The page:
Purpose-driven banking: winning back customers’ trust

Purpose-driven banking: winning back customers’ trust

A recent Accenture article reports on the banking viewpoints and habits of 14,900 consumers across 12 markets. Unsurprisingly, trust in banks is at an all-time low. The average consumer lacks faith that their bank has their best interests at heart. Recent research suggests that traditional banking practices need to reprioritise their focus to win back their customers’ trust and loyalty.

New entrants to Financial Services, such as neobanks and fintechs, are putting this trust based approach at the centre of their strategy. 

Accenture’s key stats are as follows:

  • 43% of consumer trust their bank to look after their long term financial well-being
  • 14% of consumers turned to their bank when a major life event affect their finances
  • 20 million customers have opened accounts globally with UK-based digital neobanks

Due to the increased action of regulators and digital competitors, more procedures are in place to prevent consumers making financially unwise decisions.

Such procedures may consequently put 5% of banks’ current revenue at risk.

This at-risk revenue is derived from a number of sources such as hidden or obscure fees, costly fee overdrafts, foreign transaction fees and credit card debts. While banks may profit from these issues, it further reinforces the belief that they do not have their customers’ best interests at heart. This is where competitors are stepping in and promising a more transparent and honest approach to banking.

Accenture therefore recommends that banks take on the roles of these competitors themselves. While this may seem counter intuitive, banks stand to gain by increasing their consumer loyalty and subsequent business. They need to be seen as partnering with their customers in lieu of the traditional power structures that meant banks lacked accountability and customers felt powerless.

Customers are still frequently engaging with their banks – Accenture’s research shows that half of mobile banking users around the globe login at least once a week. However, engagement is not the same as trust. Trust is key to ensure brand loyalty and reduce the trend of consumers frequently switching between different banks.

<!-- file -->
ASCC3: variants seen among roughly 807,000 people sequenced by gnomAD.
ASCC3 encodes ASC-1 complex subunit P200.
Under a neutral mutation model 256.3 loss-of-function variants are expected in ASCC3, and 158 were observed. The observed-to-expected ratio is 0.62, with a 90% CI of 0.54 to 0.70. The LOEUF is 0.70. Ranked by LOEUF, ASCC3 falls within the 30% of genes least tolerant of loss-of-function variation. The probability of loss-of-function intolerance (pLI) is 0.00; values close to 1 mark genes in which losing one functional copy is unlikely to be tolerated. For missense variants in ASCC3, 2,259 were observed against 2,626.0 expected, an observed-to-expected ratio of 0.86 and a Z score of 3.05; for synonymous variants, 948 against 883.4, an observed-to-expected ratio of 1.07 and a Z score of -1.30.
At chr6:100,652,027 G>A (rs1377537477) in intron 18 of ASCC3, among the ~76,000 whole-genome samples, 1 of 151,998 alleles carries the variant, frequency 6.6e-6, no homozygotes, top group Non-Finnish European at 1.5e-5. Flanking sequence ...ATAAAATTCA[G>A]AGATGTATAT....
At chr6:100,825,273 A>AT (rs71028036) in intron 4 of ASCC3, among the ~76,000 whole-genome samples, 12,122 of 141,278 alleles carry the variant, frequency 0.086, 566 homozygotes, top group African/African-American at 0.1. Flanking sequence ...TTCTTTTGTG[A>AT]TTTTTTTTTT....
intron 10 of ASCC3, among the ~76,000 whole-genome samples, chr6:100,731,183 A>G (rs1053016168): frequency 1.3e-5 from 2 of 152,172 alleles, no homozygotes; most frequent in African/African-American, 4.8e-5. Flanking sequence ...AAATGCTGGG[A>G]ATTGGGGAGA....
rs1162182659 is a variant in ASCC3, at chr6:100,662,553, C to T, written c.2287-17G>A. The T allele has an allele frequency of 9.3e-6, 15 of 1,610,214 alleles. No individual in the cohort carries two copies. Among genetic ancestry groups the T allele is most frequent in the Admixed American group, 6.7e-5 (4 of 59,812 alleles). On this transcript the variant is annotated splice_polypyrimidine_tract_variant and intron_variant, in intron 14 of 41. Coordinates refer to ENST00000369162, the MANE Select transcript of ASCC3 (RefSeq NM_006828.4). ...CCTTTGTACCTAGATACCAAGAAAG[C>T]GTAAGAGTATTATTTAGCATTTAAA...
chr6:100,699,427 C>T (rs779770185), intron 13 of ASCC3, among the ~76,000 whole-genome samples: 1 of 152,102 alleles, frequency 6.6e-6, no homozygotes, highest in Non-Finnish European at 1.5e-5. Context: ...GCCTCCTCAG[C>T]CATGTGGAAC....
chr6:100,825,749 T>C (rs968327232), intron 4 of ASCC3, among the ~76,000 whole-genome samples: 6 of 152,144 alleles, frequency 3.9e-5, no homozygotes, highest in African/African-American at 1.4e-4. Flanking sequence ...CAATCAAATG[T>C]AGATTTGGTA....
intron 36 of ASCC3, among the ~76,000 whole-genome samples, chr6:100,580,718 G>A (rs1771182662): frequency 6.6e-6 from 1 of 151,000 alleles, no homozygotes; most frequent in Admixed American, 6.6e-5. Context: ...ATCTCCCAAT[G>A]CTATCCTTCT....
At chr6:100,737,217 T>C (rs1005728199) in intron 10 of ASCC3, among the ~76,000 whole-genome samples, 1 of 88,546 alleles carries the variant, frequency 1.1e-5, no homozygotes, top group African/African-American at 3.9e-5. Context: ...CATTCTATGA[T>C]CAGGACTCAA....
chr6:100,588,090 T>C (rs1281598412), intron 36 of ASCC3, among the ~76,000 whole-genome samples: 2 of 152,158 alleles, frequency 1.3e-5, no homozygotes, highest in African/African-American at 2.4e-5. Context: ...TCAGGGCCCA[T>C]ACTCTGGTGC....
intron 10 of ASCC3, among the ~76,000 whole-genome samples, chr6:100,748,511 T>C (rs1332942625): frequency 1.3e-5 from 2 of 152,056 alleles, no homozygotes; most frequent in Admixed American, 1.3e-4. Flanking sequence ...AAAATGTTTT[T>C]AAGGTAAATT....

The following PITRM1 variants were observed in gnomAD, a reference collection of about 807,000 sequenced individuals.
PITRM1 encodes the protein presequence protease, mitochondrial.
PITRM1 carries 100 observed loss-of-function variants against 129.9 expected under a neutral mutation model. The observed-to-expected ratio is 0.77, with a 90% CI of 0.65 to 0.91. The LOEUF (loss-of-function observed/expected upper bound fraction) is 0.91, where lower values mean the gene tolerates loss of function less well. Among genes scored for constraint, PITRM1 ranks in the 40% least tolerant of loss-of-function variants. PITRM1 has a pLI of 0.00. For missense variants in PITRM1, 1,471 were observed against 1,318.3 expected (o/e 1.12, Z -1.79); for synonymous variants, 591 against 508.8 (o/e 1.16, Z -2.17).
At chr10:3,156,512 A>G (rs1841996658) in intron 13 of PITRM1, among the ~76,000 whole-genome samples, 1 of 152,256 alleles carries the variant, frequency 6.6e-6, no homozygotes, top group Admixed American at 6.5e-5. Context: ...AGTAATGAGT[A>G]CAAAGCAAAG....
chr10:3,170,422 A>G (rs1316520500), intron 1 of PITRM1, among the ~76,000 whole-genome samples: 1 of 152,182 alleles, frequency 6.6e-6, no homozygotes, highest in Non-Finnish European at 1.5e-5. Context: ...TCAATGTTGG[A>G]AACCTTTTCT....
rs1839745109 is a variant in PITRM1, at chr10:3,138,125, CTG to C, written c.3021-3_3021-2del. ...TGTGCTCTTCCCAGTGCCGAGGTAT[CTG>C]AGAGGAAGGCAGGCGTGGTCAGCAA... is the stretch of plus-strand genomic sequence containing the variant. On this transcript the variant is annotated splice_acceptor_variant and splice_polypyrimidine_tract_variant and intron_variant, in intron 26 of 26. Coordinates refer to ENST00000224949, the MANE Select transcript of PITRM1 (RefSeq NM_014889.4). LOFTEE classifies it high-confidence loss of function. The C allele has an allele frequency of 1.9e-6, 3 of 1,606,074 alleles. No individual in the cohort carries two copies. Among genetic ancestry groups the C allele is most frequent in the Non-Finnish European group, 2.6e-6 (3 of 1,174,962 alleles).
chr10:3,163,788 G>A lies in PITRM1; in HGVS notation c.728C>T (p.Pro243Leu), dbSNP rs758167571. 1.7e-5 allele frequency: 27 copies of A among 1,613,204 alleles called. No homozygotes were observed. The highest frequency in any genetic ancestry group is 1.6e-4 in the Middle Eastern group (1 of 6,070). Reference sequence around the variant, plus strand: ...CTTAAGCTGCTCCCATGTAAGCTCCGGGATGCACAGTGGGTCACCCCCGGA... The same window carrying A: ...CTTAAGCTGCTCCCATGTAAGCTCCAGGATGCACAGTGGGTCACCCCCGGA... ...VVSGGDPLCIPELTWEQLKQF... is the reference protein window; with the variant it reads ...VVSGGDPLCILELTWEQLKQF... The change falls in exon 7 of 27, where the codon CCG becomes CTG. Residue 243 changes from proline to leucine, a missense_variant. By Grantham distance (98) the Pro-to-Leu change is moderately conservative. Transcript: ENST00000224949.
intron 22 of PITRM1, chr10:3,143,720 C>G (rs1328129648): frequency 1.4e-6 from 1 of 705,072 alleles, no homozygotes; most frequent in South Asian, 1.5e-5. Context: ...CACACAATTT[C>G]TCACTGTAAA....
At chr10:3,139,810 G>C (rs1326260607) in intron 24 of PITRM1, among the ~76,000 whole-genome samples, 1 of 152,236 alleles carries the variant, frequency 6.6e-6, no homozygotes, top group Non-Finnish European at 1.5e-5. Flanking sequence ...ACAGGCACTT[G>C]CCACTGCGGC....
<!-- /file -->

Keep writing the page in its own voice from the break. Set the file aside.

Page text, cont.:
Accenture’s analysis shows how business-to-consumer companies in the highest Trust score quartile also showed the highest revenue growth – 8.5% for banks compared to 7.5% for all industries.

The Accenture Report outlines the key priorities as part of purpose-driven banking:

  1. Protect and Grow – Banks need to understand how they can improve their customers’ everyday financial lives. A key focus here is helping customers to avoid poor financial decisions. This will remove the temptation to move to competitors who are engineered to provide such guidance.
  2. Create new trust-based revenue streams – Banks also need to start introducing additional advisory services as part of their core offering. This needs to be trust-based and reassure consumers that the advice is for their best interests and not to convince them to buy a particular product.

This broadening of advisory practice challenges traditional banking orthodoxy but is vital to meet the intense competition from challenger banks, neobanks and revolutionary fintechs who promise authenticity and transparency. 

While these actions may seem risky in the short-term, it is important to acknowledge the long term benefits they will deliver in terms of both revenue and brand reputation.

To read the full Accenture report, please click here.

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